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Body  μ (km^{3}s^{−2}) 

Sun  132,712,440,018(8)^{[1]} 
Mercury  22,032 
Venus  324,859 
Earth  398,600.4418(9) 
Moon  4,902.7779 
Mars  42,828 
Ceres  63.1(3)^{[2]}^{[3]} 
Jupiter  126,686,534 
Saturn  37,931,187 
Uranus  5,793,939(13)^{[4]} 
Neptune  6,836,529 
Pluto  871(5)^{[5]} 
Eris  1,108(13)^{[6]} 
In celestial mechanics the standard gravitational parameter μ of a celestial body is the product of the gravitational constant G and the mass M of the body.
For several objects in the solar system, the value of μ is known to greater accuracy than G or M. The SI units of the standard gravitational parameter are m^{3}s^{−2}.
Contents 
Under standard assumptions in astrodynamics we have:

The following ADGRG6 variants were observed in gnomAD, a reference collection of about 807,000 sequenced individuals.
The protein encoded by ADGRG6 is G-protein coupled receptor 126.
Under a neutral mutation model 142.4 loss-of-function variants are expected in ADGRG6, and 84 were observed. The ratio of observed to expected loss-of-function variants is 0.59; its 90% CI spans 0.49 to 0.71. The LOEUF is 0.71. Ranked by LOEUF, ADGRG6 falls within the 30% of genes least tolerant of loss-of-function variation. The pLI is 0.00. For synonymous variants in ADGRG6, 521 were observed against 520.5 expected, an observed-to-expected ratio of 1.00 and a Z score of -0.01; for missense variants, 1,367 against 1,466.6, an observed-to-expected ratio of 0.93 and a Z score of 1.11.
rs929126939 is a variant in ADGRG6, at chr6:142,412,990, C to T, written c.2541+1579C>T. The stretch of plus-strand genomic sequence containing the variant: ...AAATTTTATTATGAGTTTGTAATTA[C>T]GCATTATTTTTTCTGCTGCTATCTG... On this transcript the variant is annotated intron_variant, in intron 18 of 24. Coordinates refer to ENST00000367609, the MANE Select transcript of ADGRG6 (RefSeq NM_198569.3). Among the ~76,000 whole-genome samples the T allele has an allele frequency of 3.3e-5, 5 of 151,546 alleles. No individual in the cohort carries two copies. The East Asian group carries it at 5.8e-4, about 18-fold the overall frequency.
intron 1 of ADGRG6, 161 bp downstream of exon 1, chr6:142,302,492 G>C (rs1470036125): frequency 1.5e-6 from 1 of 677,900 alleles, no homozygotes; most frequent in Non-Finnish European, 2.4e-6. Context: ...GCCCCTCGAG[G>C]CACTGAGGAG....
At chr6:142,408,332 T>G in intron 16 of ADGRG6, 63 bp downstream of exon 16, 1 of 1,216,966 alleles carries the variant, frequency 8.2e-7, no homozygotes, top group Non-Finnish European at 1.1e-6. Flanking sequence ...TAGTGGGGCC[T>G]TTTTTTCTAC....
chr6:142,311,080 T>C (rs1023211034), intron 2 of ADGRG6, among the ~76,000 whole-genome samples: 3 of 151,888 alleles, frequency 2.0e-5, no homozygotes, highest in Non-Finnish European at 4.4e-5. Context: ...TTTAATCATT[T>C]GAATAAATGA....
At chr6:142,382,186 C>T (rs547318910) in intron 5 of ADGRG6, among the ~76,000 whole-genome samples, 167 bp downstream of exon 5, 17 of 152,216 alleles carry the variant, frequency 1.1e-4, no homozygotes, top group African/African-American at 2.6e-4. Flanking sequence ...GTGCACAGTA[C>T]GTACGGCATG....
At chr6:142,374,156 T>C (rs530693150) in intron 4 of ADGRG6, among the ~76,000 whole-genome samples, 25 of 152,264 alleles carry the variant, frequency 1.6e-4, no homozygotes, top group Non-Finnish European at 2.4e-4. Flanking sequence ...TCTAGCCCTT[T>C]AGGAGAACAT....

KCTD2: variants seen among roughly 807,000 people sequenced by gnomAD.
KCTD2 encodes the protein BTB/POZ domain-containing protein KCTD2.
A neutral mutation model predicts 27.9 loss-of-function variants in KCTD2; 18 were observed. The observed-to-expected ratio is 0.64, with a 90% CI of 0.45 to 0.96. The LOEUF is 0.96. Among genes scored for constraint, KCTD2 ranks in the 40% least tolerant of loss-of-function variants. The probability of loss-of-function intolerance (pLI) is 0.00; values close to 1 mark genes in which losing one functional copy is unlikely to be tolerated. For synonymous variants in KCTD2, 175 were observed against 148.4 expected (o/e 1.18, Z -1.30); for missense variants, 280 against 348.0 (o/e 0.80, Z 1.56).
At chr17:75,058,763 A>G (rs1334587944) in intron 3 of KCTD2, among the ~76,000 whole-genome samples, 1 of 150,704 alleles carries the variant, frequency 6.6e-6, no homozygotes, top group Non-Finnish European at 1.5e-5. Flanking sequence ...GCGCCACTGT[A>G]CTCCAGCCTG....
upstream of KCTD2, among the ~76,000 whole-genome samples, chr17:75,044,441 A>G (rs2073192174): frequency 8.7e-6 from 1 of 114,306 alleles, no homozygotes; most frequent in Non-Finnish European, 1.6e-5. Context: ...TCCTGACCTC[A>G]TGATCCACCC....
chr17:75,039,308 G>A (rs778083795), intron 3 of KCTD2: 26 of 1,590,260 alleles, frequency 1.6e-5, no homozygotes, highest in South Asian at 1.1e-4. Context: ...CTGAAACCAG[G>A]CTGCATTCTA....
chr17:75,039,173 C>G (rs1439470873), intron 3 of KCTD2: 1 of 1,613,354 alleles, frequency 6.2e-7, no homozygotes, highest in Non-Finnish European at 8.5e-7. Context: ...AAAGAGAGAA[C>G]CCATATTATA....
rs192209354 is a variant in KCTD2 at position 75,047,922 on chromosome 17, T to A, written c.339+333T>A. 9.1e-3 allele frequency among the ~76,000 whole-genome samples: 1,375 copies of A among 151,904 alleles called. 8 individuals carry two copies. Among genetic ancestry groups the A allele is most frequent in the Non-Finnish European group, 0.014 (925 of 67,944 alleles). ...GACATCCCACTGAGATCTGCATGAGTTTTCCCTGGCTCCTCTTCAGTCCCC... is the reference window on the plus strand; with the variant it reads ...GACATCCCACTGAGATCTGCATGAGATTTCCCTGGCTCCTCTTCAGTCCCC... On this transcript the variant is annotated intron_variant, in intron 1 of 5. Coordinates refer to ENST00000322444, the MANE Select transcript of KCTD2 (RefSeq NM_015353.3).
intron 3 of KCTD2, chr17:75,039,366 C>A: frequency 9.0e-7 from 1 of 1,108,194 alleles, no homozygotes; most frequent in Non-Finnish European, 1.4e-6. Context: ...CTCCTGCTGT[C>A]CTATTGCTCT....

where m is the mass of the orbiting body, M is the mass of the central body, and G is the standard gravitational parameter of the larger body.
For all circular orbits around a given central body:
where r is the orbit radius, v is the orbital speed, ω is the angular speed, and T is the orbital period.
The last equality has a very simple generalization to elliptic orbits:
where a is the semimajor axis. See Kepler's third law.
For all parabolic trajectories rv^{2} is constant and equal to 2μ. For elliptic and hyperbolic orbits μ = 2aε, where ε is the specific orbital energy.
In the more general case where the bodies need not be a large one and a small one (the twobody problem), we define:
Then:
Note that the reduced mass is also denoted by .
The value for the Earth is called the geocentric gravitational constant and equals 398,600.4418±0.0008 km^{3}s^{−2}. Thus the uncertainty is 1 to 500,000,000, much smaller than the uncertainties in G and M separately (1 to 7,000 each).
The value for the Sun is called the heliocentric gravitational constant and equals 1.32712440018×10^{20} m^{3}s^{−2}.

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